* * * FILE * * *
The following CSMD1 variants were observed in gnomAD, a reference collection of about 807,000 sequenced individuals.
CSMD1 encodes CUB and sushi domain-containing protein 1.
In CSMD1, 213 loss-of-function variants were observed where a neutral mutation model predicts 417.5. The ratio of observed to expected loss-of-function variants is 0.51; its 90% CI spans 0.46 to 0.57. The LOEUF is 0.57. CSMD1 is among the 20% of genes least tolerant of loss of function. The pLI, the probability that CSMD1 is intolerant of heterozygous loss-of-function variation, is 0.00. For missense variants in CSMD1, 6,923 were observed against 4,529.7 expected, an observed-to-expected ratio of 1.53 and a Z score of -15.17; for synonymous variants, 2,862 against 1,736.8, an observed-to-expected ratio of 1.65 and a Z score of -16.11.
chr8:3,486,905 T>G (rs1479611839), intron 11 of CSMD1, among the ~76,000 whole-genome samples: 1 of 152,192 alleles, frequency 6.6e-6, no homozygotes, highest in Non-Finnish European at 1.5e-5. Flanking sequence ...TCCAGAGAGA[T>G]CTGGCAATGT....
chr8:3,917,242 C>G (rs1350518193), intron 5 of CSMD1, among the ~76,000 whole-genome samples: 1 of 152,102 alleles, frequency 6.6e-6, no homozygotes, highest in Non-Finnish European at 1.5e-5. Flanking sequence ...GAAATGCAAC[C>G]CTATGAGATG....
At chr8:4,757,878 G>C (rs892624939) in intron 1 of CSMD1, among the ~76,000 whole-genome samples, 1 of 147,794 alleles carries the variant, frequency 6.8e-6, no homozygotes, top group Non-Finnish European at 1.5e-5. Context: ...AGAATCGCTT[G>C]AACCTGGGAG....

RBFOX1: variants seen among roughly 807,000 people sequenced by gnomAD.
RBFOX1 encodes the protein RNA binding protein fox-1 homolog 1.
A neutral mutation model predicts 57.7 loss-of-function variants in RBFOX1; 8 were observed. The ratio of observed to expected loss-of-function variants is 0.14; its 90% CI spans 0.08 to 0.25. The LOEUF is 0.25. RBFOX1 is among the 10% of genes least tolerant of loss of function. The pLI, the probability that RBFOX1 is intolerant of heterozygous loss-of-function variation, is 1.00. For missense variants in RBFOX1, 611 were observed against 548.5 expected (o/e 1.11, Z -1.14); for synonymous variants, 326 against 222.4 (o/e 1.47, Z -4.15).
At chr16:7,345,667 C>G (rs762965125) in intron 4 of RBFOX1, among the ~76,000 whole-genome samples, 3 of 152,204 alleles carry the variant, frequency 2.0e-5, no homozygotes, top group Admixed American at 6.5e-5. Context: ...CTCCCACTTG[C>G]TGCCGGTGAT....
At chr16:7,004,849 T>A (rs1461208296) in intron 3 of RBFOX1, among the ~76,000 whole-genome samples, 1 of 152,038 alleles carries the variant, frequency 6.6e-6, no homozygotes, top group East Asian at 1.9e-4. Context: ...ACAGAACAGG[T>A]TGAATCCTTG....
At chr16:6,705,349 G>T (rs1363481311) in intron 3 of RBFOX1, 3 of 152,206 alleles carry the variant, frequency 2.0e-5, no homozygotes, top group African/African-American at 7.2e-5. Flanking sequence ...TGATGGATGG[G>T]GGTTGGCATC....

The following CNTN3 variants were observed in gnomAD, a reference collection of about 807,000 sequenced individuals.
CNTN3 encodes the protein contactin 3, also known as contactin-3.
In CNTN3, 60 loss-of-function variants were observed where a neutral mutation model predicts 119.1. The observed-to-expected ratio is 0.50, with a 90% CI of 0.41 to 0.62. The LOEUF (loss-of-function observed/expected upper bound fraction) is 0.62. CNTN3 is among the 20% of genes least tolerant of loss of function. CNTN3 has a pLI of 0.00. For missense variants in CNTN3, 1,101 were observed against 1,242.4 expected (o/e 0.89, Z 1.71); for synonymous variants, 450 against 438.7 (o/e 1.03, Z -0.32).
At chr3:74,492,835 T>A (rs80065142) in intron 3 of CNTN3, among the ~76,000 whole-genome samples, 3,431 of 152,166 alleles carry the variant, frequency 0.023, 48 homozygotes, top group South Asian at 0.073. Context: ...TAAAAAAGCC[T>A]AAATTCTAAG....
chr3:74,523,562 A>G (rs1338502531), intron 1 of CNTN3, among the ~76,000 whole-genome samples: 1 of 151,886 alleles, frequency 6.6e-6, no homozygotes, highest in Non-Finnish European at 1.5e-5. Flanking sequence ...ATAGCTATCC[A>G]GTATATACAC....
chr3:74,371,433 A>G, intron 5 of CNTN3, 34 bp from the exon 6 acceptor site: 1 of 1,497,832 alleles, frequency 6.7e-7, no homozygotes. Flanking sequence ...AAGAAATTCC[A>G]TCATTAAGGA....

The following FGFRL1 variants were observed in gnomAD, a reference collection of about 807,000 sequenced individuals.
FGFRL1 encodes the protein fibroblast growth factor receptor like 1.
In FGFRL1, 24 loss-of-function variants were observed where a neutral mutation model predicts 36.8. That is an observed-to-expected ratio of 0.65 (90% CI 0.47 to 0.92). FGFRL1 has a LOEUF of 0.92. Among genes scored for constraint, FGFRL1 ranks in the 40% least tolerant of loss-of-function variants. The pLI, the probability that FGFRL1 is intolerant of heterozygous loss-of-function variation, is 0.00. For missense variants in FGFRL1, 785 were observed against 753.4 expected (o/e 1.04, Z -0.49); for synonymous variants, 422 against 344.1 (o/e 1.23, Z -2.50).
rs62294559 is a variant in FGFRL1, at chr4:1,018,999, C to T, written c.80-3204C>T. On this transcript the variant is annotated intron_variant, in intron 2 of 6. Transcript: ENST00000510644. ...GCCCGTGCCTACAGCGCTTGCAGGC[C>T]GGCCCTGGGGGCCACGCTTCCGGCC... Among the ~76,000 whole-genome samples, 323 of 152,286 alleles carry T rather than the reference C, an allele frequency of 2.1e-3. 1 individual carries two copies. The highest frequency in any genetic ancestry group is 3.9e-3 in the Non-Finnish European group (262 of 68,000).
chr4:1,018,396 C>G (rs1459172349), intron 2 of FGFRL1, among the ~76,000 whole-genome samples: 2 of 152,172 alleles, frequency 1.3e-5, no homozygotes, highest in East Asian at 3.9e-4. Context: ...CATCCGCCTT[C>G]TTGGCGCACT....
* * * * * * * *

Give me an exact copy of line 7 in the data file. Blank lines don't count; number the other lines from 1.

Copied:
RBFOX1: variants seen among roughly 807,000 people sequenced by gnomAD.